Robinson explained around 13 weeks into her pregnancy she learned the twins had a two in 69 chance of having Down Syndrome. Doctors performed additional tests, and the odds became greater with a two in 10 chance the boys had Down Syndrome.

She later had an amniocentesis and learned she was at a  high risk of miscarriage.

At the 26-week mark in her pregnancy, Robinson went in for a non-stress test at Methodist Hospital in St. Louis Park. When the doctors and nurses were listening to the heart monitors, they said it sounded like arrhythmia and decided to do an ultrasound. She learned Ethan had developed hydrops, where blood pools formed around the abdomen because the heart was contracting very quickly and then slowly.

“The heart was pumping so fast it wasn’t pushing the blood away; it wasn’t doing a full pump,” Robinson explained. “The next day things hadn’t improved so they sent me to Abbott Northwestern Hospital, where I would stay until the babies were born.”

At Abbott, doctors put Robinson on telemetry to monitor her heart rate as well as cardiac medication to treat the infants.

“The next morning I told the staff that Ethan hadn’t moved all night,” Robinson explained. “They did an ultrasound and told me Ethan wasn’t moving or breathing, and his heart was barely pumping.”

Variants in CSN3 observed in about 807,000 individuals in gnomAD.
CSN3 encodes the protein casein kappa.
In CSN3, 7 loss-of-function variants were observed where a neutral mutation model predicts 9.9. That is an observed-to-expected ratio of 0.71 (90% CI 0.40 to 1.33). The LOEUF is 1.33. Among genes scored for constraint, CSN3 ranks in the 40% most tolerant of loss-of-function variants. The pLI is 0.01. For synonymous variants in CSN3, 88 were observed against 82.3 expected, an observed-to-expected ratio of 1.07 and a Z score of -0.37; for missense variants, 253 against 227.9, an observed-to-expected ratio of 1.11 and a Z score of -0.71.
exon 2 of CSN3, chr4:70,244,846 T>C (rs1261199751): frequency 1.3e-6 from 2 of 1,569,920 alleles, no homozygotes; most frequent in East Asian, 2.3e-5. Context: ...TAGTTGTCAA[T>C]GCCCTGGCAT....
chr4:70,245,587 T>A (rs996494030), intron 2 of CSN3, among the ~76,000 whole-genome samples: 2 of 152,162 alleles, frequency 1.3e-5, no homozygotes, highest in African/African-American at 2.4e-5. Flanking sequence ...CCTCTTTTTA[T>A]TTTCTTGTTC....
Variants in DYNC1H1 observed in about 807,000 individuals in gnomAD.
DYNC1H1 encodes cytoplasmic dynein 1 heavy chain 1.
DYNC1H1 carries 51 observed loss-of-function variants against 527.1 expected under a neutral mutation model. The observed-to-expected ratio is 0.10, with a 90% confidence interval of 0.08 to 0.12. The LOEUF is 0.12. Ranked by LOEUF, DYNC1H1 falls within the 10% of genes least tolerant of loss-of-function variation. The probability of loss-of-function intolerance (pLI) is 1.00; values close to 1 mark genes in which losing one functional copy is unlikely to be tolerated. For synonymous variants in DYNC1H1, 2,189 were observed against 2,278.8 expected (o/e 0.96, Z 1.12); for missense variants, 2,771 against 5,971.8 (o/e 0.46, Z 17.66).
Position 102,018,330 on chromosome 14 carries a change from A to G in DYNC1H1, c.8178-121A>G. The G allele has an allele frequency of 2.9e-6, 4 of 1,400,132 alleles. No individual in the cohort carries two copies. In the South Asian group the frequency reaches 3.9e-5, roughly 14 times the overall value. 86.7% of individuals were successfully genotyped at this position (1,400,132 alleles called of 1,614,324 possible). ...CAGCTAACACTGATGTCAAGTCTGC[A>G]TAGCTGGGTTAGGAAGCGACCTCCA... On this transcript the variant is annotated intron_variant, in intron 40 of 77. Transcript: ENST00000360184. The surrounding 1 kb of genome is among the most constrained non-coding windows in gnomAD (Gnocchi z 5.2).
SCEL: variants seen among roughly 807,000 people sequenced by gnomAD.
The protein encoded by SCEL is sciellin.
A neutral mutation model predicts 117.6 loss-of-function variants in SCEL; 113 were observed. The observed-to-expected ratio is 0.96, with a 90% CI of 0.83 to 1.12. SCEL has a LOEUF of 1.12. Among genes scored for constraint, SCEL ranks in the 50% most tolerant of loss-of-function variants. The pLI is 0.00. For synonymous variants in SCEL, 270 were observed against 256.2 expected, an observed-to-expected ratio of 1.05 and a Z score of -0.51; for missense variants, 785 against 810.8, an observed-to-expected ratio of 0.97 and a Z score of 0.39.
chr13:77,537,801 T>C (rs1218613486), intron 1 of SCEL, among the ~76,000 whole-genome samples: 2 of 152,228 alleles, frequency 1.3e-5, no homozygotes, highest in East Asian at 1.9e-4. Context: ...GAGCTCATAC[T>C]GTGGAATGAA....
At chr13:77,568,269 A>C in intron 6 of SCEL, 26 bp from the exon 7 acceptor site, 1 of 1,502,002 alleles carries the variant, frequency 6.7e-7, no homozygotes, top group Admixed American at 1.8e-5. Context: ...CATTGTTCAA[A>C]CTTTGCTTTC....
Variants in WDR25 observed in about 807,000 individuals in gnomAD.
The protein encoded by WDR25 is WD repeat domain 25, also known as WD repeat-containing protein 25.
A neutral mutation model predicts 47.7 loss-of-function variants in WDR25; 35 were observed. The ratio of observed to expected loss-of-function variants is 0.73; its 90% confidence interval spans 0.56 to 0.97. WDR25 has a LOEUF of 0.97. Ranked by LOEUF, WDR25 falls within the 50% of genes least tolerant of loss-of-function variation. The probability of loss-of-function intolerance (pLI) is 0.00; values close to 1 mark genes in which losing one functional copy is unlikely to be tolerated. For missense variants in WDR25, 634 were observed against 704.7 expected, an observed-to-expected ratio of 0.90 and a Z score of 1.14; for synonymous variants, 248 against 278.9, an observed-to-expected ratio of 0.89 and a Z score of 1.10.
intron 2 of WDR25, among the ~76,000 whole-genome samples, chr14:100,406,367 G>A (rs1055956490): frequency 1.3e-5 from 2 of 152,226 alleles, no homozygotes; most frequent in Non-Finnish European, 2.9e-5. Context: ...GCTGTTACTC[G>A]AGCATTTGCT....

Ethan and Evan were born prematurely on May 28, 2010 by emergency c-section at Abbott Northwestern Hospital.

“When Ethan came out he didn’t cry and the doctors wouldn’t even let me glance at him,” Robinson said. “When Evan came out I heard him cry, and then they both were rushed to Children’s Hospital in Minneapolis. Ethan needed to be resuscitated in the tunnel on the way to Children’s.”

After they were delivered, Ethan and Evan spent almost two months in the NICU unit at Children’s. They received pacemakers and began a regimen of medications to keep them stable. When they were finally able to go home they had a hard time sustaining and were diagnosed with failure to thrive. As a result they had another surgery to insert the feeding tubes.

In the twins’ first year, they were hospitalized over seven times for various reasons, and in July 2011, the twins started getting treatment at Mayo Clinic in Rochester with Dr. Michael Ackerman becoming their primary doctor. They then had another surgery in August 2011 that cut a nerve on their left side to help their hearts. During that same stay at the Mayo, they also received ICN/pacemakers, and were at the Mayo for about three-and-a half weeks.